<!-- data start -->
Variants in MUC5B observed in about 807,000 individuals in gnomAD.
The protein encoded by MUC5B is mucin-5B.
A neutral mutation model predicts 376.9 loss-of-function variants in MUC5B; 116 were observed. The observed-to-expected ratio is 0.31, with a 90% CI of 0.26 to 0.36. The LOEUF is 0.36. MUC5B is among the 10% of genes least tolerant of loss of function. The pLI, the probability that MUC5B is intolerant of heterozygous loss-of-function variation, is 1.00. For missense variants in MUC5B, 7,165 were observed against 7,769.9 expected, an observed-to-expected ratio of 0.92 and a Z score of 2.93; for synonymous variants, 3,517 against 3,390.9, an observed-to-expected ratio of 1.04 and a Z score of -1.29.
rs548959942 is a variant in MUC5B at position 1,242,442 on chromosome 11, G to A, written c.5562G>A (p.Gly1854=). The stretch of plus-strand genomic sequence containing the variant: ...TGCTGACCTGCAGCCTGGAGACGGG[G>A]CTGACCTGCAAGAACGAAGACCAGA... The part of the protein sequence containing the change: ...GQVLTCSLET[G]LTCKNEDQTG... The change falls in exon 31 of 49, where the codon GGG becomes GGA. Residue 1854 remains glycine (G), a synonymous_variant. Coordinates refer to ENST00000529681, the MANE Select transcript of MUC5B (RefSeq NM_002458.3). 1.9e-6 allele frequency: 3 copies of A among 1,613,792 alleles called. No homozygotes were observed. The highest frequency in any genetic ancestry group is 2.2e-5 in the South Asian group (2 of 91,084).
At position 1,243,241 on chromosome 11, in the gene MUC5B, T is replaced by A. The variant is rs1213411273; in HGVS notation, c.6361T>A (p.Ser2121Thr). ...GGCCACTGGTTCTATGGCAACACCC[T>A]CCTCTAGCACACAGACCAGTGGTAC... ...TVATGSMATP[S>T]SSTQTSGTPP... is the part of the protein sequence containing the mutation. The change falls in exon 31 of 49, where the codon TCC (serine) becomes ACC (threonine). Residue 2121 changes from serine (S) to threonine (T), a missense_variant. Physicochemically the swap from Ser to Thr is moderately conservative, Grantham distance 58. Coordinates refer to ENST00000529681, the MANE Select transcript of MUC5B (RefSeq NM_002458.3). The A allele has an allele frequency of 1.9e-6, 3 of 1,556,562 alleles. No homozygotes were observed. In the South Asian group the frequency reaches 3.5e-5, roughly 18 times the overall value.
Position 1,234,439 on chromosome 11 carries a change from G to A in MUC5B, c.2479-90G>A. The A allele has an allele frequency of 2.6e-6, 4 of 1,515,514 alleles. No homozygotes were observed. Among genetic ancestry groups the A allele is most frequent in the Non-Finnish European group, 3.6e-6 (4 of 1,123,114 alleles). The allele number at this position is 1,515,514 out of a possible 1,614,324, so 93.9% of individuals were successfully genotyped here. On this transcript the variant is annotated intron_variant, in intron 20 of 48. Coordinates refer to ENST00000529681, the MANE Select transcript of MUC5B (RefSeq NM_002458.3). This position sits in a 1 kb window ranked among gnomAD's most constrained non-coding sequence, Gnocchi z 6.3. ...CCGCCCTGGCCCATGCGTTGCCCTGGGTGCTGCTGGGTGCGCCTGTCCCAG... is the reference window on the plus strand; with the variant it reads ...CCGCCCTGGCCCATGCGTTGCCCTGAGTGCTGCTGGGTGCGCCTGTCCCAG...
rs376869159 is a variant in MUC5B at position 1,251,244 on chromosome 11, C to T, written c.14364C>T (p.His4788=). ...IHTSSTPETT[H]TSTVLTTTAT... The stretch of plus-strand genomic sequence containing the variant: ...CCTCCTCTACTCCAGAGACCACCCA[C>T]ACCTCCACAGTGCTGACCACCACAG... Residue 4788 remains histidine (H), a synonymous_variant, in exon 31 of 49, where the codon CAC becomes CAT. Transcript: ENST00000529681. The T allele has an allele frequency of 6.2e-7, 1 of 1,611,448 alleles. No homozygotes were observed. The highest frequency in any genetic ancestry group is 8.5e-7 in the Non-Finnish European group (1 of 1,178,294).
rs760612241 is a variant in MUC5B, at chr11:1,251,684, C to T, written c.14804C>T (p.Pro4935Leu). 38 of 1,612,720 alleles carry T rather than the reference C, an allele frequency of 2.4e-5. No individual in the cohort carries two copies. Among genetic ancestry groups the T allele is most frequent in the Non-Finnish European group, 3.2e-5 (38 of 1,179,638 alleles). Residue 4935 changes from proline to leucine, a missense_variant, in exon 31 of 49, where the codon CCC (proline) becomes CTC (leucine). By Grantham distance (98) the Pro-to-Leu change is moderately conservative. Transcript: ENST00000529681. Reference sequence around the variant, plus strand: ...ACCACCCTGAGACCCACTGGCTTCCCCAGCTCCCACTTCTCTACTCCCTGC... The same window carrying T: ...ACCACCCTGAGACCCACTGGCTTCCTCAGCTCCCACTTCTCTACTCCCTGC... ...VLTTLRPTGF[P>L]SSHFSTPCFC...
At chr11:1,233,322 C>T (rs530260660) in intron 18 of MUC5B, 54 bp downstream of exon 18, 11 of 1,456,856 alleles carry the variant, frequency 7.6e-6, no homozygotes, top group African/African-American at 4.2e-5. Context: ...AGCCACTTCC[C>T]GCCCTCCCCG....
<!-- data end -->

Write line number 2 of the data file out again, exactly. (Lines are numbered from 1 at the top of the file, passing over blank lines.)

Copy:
The protein encoded by MUC5B is mucin-5B.